Recent selections from around the web that, we think, would have caught Peter Drucker’s eye:
1. Are You Considering a Job with Two Managers?: Peter Drucker generally considered reporting to multiple managers to be an untenable structure. But, as Priscilla Claman points out at the HBR Blog, having more than one manager is the norm in the world of “matrix management.” What that means is that if you’re a job seeker, be careful to evaluate the relationship between your two bosses and make sure everyone is in alignment. And make sure you like them both. Claman writes: “If you get along great with one manager in the interview, but find the other hard to relate to, that may be a problem that will persist.”
2. Keynes and Keynesianism: Are we all Keynesians or are we not? Bruce Bartlett takes on this question in the New York Times and suggests that there’s a time to be a John Maynard Keynes acolyte and there’s a time to be other things. Right now, asserts Bartlett, Keynesian stimulus is necessary. “At other times we may need to be monetarists, institutionalists or whatever,” Bartlett recommends. “We should avoid dogmatic attachment to any particular school of economic thought and use proper analysis to figure out the nature of our economic problem at that particular moment and the proper policy to deal with it.”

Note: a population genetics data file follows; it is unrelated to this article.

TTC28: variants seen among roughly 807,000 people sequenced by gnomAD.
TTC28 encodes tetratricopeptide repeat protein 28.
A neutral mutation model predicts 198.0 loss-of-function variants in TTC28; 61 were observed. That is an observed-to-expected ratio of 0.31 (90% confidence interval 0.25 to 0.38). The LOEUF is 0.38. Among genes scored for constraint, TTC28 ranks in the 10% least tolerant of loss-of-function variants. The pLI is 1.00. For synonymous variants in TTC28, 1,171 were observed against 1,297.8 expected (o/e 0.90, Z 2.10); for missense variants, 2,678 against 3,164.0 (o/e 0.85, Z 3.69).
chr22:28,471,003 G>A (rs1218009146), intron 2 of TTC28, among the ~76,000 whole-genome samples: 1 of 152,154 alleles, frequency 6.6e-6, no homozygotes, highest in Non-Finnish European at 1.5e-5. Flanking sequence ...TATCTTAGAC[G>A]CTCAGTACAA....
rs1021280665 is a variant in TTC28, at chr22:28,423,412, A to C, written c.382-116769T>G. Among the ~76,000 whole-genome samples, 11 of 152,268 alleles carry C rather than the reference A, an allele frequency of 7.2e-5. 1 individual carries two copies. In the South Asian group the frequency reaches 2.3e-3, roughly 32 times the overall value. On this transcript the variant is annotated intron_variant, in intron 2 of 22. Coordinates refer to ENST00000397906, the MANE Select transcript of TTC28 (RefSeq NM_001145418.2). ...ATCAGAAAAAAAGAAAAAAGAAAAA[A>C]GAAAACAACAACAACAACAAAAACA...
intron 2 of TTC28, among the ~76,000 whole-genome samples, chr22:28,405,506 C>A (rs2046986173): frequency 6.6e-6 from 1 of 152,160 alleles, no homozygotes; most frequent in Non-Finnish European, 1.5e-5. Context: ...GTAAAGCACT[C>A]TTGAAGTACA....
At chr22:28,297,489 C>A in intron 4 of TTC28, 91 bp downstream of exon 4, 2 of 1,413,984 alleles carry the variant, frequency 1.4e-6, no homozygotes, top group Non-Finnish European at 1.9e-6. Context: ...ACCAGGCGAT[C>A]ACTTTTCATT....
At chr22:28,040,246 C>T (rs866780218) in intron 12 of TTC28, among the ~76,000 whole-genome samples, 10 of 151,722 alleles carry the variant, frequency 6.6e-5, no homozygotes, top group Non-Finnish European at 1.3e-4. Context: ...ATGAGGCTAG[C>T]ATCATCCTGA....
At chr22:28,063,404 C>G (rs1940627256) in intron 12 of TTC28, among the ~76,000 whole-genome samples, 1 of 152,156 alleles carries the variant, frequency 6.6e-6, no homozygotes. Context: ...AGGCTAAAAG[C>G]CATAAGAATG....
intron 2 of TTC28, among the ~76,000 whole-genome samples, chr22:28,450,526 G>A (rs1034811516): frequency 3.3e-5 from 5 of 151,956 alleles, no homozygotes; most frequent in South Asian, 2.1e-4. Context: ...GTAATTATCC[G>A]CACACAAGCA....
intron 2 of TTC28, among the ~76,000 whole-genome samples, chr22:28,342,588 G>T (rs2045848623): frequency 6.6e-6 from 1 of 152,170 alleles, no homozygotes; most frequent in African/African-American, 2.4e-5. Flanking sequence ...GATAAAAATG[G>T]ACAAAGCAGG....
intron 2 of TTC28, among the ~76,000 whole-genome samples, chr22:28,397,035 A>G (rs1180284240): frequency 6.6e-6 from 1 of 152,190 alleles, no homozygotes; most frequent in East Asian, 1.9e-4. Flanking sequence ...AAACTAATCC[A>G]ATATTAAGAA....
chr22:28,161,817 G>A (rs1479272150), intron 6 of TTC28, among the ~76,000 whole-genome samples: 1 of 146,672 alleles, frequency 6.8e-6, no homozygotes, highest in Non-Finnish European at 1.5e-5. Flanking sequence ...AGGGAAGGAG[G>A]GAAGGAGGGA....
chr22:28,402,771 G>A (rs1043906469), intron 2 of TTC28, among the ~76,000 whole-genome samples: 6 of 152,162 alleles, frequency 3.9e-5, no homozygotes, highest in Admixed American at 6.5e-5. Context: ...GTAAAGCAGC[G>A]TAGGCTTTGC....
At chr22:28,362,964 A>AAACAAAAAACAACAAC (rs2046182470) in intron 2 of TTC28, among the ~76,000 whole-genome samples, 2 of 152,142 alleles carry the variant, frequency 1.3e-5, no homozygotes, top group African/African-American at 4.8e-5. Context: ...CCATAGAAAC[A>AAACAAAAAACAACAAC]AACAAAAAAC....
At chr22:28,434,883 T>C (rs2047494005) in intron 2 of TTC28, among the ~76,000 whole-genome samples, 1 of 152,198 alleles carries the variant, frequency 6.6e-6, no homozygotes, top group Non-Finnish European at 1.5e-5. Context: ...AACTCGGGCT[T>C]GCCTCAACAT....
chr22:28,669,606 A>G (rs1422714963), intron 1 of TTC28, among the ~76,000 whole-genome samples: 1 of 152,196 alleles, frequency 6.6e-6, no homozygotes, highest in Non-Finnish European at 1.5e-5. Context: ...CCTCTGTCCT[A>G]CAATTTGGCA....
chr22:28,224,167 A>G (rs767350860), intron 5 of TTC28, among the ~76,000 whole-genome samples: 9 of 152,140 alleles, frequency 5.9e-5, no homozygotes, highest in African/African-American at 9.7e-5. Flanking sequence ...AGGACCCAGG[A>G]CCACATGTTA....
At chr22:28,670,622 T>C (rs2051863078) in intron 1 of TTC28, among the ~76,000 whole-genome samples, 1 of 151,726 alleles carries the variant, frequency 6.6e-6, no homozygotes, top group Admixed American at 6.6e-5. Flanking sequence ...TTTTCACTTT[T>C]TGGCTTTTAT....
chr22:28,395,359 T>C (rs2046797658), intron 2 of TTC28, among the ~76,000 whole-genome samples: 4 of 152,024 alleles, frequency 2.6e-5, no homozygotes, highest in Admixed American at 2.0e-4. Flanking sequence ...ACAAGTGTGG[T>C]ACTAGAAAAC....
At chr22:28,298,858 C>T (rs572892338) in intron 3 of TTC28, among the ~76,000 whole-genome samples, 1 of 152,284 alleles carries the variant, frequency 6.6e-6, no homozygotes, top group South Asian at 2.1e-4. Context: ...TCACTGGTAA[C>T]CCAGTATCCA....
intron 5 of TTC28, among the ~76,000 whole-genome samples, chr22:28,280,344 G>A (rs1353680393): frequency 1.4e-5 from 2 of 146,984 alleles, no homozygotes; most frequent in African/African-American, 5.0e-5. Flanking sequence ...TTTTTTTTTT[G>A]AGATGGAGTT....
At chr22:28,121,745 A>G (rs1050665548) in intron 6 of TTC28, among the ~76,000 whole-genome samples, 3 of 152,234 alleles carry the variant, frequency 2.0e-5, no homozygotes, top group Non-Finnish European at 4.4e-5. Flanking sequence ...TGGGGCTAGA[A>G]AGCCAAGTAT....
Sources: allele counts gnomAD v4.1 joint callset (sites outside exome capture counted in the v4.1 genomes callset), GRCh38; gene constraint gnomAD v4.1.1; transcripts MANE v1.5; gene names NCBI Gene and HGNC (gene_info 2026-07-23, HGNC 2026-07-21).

3. How Did Progressive Journalists Get Pigford So Wrong?: The Pigford scandal, which involved several billion dollars of fraudulent reparations paid out by the USDA to people who falsely claimed to be victims of discrimination, was a complicated affair that conservatives yelled about and liberals missed—at least until the New York Times reported it. So why did it take people so long to wake up to the problem? Conor Friedersdorf at The Atlantic looks at some possible reasons and expresses his hope for a liberal who “takes a hard look at the excesses of Pigford and its successor cases and addresses how, in the future, government policies and agencies can more effectively help the ordinary people who need or deserve it without squandering money enriching people who don’t.”
4. Dx Comment of the Week: Last week, when we asked whether there might be merit in imitating Henry Ford in 1913 and unilaterally offering workers huge pay raises to reduce turnover and boost the economy, reader mitchell benjamin suggested that, on the contrary, many big organizations need to increase turnover, not prevent it:
Management becomes immune to the marketplace when it is the primary reason for the growth of unnecessary personnel. … While an increase in income is important, there is the law of diminishing returns. We reached that years ago in government and in many large corporations. … Lower pay and higher turnover would be almost welcome.